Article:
parts. In a traditional family the children understand
how unusual it is to wash the hands and speak and eat
hors d’oeuvres before blessing bread. Modern families
who do not weekly follow this ritual are clueless and
children have no idea they should question. Remember the
original order of the Seder placed the reading of the
Haggaddah after the meal. This is our approach.
Kiddish on the wine. Speak from the heart about
the sanctity of the moment, the sacredness of Family and
thank God for allowing you to reach this moment.
to all that this evening will be different from all others
and this Seder is different from all other Seders. First
explain to the youngest the meaning of the Exodus in terms
they understand. Explain that the Haggaddah text
will be the basis of table talk this evening.
discussing the basics at the Table explain that a Seder
after the Seder will take place that will last to the
morning. Invite those who are so “inclined”
to discuss every dimension of the Story to join you for
this fifth cup of wine, Elijah’s poets Seder.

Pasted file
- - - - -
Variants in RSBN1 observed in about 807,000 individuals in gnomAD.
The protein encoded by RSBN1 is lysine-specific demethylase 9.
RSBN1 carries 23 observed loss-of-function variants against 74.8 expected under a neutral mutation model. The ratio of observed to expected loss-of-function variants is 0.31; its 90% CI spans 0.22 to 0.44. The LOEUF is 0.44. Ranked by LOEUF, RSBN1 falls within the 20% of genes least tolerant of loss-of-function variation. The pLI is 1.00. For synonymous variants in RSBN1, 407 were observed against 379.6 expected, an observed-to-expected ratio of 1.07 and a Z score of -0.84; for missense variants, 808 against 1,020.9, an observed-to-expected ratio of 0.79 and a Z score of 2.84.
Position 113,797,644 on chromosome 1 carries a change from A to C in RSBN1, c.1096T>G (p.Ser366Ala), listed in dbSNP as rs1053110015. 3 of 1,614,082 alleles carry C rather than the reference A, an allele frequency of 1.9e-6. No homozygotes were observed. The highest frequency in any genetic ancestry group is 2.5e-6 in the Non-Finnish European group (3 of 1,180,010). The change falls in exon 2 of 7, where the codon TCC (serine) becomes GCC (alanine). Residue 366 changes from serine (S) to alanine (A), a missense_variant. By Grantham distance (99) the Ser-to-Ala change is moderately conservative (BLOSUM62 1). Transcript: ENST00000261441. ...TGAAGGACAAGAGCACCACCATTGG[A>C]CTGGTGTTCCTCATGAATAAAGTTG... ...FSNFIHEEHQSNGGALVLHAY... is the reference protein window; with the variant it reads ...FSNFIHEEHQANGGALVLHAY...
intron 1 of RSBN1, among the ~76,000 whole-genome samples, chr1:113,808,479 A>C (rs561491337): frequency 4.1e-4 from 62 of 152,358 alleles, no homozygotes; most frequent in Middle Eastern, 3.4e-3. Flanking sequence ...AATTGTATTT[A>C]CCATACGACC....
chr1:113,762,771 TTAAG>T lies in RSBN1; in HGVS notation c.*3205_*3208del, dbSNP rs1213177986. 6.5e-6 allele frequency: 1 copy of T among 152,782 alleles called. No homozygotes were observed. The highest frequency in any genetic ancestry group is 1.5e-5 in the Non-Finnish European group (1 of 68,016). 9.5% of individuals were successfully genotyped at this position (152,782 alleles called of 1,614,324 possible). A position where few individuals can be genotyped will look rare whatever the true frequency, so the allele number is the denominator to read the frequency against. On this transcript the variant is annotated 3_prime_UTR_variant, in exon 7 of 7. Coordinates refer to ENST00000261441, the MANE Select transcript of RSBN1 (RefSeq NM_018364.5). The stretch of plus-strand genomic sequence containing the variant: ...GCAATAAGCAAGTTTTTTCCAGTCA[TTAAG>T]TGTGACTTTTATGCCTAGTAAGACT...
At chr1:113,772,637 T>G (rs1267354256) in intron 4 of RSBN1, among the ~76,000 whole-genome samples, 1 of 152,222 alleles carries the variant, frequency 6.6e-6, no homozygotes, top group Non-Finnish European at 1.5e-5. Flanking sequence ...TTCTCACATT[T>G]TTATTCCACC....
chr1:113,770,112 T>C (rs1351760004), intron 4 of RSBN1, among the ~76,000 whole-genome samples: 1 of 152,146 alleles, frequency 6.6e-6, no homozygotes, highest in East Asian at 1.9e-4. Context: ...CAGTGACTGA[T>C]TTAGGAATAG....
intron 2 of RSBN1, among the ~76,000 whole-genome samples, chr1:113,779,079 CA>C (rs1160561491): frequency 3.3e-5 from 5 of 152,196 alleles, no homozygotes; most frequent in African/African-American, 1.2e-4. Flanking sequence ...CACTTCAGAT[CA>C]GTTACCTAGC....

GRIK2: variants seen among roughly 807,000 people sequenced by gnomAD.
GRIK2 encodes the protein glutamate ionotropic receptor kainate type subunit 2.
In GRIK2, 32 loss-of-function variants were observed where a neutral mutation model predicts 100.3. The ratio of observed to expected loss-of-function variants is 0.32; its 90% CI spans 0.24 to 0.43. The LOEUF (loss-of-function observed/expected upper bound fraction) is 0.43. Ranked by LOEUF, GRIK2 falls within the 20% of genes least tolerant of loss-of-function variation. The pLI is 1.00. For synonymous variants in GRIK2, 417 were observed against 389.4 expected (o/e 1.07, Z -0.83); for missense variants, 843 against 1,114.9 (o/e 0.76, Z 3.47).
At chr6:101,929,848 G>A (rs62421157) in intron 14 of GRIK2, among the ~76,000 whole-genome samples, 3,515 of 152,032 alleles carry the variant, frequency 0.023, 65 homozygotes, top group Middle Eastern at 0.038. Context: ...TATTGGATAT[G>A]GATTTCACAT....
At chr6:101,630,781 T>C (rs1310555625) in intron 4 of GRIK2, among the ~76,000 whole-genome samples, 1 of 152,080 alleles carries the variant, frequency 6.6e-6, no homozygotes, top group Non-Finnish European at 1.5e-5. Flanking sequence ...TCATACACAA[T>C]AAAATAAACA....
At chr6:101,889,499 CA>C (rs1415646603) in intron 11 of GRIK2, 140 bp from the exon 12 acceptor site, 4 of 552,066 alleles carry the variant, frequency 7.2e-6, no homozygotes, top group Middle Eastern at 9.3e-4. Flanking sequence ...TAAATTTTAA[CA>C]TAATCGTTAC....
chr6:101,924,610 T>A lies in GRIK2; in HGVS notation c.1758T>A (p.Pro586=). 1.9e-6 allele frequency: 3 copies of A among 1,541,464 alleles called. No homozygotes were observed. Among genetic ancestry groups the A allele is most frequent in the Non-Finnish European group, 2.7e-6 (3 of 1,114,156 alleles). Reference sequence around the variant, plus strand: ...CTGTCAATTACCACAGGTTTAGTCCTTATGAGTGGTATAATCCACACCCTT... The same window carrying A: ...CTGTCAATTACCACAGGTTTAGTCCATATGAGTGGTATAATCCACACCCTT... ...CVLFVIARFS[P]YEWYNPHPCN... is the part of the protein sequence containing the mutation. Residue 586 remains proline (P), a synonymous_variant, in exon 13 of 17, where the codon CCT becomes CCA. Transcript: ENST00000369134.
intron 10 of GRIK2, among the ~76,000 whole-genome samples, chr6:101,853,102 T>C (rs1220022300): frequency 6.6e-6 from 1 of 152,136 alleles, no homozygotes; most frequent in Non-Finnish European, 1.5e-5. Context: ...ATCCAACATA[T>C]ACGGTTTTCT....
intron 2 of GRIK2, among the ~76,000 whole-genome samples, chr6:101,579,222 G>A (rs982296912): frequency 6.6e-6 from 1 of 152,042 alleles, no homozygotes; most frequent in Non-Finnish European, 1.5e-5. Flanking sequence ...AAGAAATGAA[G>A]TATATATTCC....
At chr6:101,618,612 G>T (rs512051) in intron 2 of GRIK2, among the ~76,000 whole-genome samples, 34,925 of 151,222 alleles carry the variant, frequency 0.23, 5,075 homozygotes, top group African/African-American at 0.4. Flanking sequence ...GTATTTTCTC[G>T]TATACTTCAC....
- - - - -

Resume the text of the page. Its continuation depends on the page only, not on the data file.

Thirty days before the Seder ransack your library to prepare.
Begin with the Five Books of Moses. Move on to the conquest,
the Judges, Kings, Prophets and discuss Leadership and
leads the Poets Seder so prepare your list of questions
for the Prophet.
announces redemption and religion that is a song of songs
not a confusing of fundamentals with fundamentalism. Elijah
will teach how to update the Holy Bible and understand
what the God of History has been up to the past two thousand
Seder brings us to the dawn.
Israel-then the Lord is our God-then the Lord will be
Sealah. Happy Poetic Passover.
the Body While you Feed the Soul
Makes about 20 small pastries
the filling you will need:
1 pound uncooked prunes
1 small apple
2 teaspoons honey
knife, cutting board, medium sauce pan, chopping bowl,
chopping knife, medium mixing bowl, grater, measuring
Put the prunes in the pan. Add enough water to cover.
Bring to a boil and cook at medium heat for 20 minutes.
Remove from heat. Let the prunes cool. Take out the pits.